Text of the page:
Marsden: ‘I put my bets on Baely’

Photo+by+Brent+Uberty.

Brent Uberty

Photo by Brent Uberty.

Photo by Brent Uberty.
Photo by Brent Uberty.
When Utah took the floor for the first time in 2014, the Red Rocks’ lineups looked quite familiar. The team did not graduate a single gymnast in 2013 and even returned some athletes who were hurt a year ago.
Because of this, one face stuck out — lone freshman Baely Rowe. Fans got their first look at the Federal Way, Wash. native when she was Utah’s second competitor on beam that night. In front of more than 14,000 fans, Rowe delivered her first college routine without a fall. She received a 9.750 on the event, and cheers ensued.
“It was absolutely amazing,” Rowe said. “When I was up there on the beam, I didn’t realize how many people were up there in the stands. I just did my own thing, but after, when everyone cheered, it was just an amazing atmosphere and so honoring to be out there competing for Utah.”
One of the big reasons Rowe chose to be a Red Rock was because of the atmosphere in the Huntsman Center. She had offers from other big-name schools such as Alabama, Georgia and UCLA coming out of high school, but the big crowds at every Utah meet helped sway her.
That wasn’t the only reason she chose Utah, though.
“When I visited here, I absolutely loved the atmosphere around campus,” she said. “The team was like a family, and I really liked that, and the coaches were awesome.”
With only one scholarship available this season, those coaches, Greg and Megan Marsden, had to choose carefully who they were going to sign for 2014. Fortunately for them, Rowe made the decision easy.
“I really felt like she owned her gymnastics,” Greg Marsden said. “She enjoyed being out in front of people, which both are really important qualities.”
Despite the many attractive factors of joining the Red Rocks, the decision was not easy for Rowe. Other schools were not only offering a scholarship but also a greater chance to compete right away. With Utah’s entire squad returning this season, Rowe knew it was going to be hard to crack the lineup on even one event, but she was willing to do whatever it took to make that happen.
“I knew I was going to try and compete at least one or two events,” she said. “I knew that everyone was coming back and a couple that were injured that also came back, so I knew it was going to be tough, but if I worked hard and was consistent, I knew that I could potentially get in the lineup.”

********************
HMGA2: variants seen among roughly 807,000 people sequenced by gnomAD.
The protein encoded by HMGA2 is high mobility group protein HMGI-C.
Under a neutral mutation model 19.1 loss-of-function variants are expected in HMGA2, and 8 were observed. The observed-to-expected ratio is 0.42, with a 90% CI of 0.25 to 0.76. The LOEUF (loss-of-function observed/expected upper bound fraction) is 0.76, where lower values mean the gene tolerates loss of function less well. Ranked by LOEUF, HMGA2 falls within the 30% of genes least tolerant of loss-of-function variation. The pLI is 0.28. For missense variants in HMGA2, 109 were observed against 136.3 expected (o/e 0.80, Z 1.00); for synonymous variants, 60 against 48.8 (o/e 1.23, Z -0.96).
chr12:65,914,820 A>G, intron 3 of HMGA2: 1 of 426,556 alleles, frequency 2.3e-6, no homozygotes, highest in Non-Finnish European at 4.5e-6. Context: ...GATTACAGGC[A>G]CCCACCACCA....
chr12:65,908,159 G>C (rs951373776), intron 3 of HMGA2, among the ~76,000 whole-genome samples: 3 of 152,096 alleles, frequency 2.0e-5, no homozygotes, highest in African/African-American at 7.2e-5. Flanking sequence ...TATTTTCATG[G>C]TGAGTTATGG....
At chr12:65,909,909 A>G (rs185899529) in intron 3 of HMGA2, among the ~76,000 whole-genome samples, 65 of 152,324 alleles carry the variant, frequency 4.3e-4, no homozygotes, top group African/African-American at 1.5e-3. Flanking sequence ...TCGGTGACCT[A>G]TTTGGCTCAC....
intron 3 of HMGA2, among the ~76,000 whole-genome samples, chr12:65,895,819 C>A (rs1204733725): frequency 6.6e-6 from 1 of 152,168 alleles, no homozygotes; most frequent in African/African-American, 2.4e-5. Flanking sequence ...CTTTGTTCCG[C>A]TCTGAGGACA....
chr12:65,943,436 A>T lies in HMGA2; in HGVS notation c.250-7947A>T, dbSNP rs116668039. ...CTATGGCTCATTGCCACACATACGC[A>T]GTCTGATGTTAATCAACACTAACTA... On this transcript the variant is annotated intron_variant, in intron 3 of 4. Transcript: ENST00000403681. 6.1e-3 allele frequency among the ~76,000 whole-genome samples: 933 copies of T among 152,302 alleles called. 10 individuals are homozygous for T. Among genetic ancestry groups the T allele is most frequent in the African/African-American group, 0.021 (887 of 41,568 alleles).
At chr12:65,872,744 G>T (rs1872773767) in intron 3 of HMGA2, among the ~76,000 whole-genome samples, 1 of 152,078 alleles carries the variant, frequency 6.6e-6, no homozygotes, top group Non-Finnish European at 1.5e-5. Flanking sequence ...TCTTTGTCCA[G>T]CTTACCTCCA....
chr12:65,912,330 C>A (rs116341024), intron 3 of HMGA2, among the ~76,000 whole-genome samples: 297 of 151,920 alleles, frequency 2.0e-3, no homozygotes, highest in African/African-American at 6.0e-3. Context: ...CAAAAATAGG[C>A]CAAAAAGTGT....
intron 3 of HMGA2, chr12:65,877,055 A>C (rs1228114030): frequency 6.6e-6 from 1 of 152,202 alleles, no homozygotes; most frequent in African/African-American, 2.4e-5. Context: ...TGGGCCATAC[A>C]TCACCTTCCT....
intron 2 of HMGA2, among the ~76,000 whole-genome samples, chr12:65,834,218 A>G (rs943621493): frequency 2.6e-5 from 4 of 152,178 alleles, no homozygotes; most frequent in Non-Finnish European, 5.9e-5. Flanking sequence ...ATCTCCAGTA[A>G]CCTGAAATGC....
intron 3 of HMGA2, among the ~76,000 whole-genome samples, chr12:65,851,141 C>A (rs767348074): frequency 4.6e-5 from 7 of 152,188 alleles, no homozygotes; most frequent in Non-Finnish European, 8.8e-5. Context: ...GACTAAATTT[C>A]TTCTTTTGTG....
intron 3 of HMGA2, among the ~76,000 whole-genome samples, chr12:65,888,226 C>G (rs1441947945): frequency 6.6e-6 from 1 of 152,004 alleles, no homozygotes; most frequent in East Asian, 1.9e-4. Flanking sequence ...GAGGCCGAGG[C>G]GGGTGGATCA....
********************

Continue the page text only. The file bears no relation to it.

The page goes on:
While Rowe already competes as the leadoff gymnast on beam, she has been knocking on the door of other events as well. Before her time at Utah, she was a two-time Junior Olympic national champion on bars and was the 2013 J.O. national all-around champion. Though she proved her prowess on all four events prior to starting her collegiate career, Rowe is starting to do the same on this stage. Marsden has said he has considered her for the lineup on both bars and vault, and even though she is content with her role in the beam rotation, Rowe said she would welcome the chance to contribute elsewhere.
“I would love to get out there on the floor,” she said. “I know the coaches really want me to do that too, so I’m trying really hard to get consistent on that event. Hopefully, sometime this year, maybe I can get an exhibition in or something.”
Most athletes who transition from high school to college have fellow freshmen to go through the experience with them, but Rowe has been flying solo in that regard this season. She credits her older teammates for helping her feel comfortable during her first year in Salt Lake City.
“In the beginning it was a little tough because I feel like I was the only one struggling at times,” she said. “They all knew what was happening and going on, and I didn’t have anyone there to help me go through it. Once I got into it, though, they really helped me out. Like I said, it’s really like a family here.”
Rowe’s teammates, or “sisters,” have definitely noticed a change in her both on and off the beam as the school year has unfolded.
“She was good when she came here, but she’s also come a long way,” said junior Tory Wilson. “It’s great how she’s been able to step up and be our leadoff on beam and be solid for us.”
Senior and fellow beam worker Mary Beth Lofgren echoed what Wilson had to say about the freshman.
“She’s grown a lot,” Lofgren said. “She’s really developed into a college athlete and really embraced it. I’m really proud of her for being a freshman and being in the beam lineup and leading us off strong.”
Lofgren and the Red Rocks’ three other seniors will be leaving the team at season’s end, and while no one associated with the squad wants to think about that just yet, Megan Marsden expects Rowe to step up as a leader next season and help the new freshmen get through what she is experiencing now.
“I’m anxious to see how she handles her year of experience and understanding this game,” Marsden said. “She’s got some talented freshmen coming in, but I put my bets on Baely to know even better how to get in the mix on more than balance beam.”
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